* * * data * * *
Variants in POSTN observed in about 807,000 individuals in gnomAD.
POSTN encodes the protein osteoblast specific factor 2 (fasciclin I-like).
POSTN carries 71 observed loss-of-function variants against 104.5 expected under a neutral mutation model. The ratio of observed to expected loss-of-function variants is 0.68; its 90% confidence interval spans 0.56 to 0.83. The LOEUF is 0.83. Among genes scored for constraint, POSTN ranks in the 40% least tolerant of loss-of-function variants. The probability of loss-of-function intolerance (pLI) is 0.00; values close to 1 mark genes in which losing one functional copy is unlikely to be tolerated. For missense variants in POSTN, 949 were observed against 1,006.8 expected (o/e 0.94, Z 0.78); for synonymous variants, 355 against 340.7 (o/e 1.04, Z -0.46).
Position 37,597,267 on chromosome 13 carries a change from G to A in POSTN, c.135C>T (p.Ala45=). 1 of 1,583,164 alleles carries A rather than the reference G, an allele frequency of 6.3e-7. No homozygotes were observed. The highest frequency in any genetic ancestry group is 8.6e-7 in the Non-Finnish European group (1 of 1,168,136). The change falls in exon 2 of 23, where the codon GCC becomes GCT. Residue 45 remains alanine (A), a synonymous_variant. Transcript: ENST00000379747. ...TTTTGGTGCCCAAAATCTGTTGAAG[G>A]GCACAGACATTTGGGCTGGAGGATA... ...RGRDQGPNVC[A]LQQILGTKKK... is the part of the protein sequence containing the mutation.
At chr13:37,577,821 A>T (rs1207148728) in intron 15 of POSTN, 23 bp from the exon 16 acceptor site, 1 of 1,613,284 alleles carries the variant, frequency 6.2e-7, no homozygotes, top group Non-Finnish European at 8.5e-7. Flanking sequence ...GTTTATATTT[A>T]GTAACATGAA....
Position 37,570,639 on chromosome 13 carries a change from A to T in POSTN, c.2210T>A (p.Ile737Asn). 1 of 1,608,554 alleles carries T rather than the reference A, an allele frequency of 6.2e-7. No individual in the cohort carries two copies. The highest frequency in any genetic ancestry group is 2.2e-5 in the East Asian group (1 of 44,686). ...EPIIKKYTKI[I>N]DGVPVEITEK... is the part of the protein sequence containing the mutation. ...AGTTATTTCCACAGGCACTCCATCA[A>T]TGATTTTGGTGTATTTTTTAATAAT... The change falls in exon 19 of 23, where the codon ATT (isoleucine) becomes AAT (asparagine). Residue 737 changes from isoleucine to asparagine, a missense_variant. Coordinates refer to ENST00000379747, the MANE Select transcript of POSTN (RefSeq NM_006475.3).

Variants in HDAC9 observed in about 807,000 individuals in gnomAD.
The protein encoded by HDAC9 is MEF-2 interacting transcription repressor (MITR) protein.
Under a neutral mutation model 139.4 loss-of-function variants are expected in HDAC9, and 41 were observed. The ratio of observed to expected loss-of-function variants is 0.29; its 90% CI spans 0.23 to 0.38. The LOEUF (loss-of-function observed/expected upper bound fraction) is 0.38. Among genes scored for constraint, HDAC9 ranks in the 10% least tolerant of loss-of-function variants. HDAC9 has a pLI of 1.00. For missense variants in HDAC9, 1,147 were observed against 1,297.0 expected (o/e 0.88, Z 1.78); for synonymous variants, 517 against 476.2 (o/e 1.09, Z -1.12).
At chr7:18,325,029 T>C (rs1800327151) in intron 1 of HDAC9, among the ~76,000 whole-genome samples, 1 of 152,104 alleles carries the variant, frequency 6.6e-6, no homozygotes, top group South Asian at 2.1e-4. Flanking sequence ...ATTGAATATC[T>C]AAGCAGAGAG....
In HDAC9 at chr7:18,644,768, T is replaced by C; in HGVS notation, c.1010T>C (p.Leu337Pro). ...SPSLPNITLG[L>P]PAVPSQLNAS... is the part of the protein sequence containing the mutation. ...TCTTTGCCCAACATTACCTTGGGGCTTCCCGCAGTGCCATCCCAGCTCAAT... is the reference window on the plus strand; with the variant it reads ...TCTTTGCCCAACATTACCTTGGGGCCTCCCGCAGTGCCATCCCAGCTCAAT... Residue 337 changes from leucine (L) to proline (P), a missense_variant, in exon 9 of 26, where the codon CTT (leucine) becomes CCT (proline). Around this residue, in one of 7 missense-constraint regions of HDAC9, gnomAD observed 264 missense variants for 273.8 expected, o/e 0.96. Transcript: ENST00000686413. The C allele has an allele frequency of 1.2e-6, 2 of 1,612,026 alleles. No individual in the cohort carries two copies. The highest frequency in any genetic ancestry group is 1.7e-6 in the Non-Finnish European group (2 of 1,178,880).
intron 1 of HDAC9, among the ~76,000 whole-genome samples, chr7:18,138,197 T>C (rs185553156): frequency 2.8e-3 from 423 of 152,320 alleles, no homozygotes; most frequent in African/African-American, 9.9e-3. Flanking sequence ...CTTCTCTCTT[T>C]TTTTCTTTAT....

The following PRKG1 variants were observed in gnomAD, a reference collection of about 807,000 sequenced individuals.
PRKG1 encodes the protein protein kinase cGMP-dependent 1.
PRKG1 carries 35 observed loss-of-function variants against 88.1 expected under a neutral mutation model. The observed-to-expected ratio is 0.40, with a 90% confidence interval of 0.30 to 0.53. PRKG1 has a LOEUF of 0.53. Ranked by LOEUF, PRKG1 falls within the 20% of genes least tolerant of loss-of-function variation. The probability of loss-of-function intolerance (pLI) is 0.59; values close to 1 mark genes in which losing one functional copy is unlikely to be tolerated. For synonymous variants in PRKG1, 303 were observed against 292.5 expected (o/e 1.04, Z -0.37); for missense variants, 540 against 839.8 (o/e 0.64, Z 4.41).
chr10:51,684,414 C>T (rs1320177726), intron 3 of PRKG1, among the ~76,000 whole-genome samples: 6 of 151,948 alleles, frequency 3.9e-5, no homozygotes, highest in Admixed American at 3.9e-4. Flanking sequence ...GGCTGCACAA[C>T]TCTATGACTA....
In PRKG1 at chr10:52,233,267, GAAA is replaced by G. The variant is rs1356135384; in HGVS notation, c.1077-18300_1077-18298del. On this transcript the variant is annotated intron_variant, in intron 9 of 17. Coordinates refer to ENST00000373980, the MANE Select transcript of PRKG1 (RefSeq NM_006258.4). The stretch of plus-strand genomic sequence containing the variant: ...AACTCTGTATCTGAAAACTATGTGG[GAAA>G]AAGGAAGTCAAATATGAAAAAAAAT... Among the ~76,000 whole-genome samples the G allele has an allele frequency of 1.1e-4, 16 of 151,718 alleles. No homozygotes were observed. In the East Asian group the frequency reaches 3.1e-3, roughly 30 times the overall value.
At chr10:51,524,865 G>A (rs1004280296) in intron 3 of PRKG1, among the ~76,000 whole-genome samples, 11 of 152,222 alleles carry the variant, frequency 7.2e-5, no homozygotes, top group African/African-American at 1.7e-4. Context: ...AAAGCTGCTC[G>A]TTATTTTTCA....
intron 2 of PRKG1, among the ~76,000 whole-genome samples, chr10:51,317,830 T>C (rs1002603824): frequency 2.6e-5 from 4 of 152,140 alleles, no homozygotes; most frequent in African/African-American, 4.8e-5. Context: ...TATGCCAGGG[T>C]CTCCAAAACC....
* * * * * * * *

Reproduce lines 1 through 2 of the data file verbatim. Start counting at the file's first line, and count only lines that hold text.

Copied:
Variants in POSTN observed in about 807,000 individuals in gnomAD.
POSTN encodes the protein osteoblast specific factor 2 (fasciclin I-like).